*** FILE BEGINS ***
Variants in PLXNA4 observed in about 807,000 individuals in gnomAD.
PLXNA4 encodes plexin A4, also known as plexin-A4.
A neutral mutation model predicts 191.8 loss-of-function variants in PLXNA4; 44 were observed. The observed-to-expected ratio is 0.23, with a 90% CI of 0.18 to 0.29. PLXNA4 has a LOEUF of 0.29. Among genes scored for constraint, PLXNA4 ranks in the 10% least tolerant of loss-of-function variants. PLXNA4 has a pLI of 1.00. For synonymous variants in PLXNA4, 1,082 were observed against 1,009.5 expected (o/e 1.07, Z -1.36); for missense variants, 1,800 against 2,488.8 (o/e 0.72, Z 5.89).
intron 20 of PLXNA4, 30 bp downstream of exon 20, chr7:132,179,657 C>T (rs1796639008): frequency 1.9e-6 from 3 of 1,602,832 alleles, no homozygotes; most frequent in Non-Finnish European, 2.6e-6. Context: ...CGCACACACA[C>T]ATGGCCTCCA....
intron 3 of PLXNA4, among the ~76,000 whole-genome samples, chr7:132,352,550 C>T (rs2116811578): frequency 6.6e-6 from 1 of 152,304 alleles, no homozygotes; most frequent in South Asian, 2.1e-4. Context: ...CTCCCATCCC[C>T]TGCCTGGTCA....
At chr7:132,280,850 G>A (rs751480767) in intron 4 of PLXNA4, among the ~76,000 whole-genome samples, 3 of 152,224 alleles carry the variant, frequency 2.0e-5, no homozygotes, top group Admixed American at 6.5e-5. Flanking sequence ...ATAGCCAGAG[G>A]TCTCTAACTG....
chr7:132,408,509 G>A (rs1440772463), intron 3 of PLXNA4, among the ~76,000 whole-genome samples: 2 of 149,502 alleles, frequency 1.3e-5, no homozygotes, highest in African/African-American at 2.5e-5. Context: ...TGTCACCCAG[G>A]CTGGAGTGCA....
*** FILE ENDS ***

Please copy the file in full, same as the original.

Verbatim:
Variants in PLXNA4 observed in about 807,000 individuals in gnomAD.
PLXNA4 encodes plexin A4, also known as plexin-A4.
A neutral mutation model predicts 191.8 loss-of-function variants in PLXNA4; 44 were observed. The observed-to-expected ratio is 0.23, with a 90% CI of 0.18 to 0.29. PLXNA4 has a LOEUF of 0.29. Among genes scored for constraint, PLXNA4 ranks in the 10% least tolerant of loss-of-function variants. PLXNA4 has a pLI of 1.00. For synonymous variants in PLXNA4, 1,082 were observed against 1,009.5 expected (o/e 1.07, Z -1.36); for missense variants, 1,800 against 2,488.8 (o/e 0.72, Z 5.89).
intron 20 of PLXNA4, 30 bp downstream of exon 20, chr7:132,179,657 C>T (rs1796639008): frequency 1.9e-6 from 3 of 1,602,832 alleles, no homozygotes; most frequent in Non-Finnish European, 2.6e-6. Context: ...CGCACACACA[C>T]ATGGCCTCCA....
intron 3 of PLXNA4, among the ~76,000 whole-genome samples, chr7:132,352,550 C>T (rs2116811578): frequency 6.6e-6 from 1 of 152,304 alleles, no homozygotes; most frequent in South Asian, 2.1e-4. Context: ...CTCCCATCCC[C>T]TGCCTGGTCA....
At chr7:132,280,850 G>A (rs751480767) in intron 4 of PLXNA4, among the ~76,000 whole-genome samples, 3 of 152,224 alleles carry the variant, frequency 2.0e-5, no homozygotes, top group Admixed American at 6.5e-5. Flanking sequence ...ATAGCCAGAG[G>A]TCTCTAACTG....
chr7:132,408,509 G>A (rs1440772463), intron 3 of PLXNA4, among the ~76,000 whole-genome samples: 2 of 149,502 alleles, frequency 1.3e-5, no homozygotes, highest in African/African-American at 2.5e-5. Context: ...TGTCACCCAG[G>A]CTGGAGTGCA....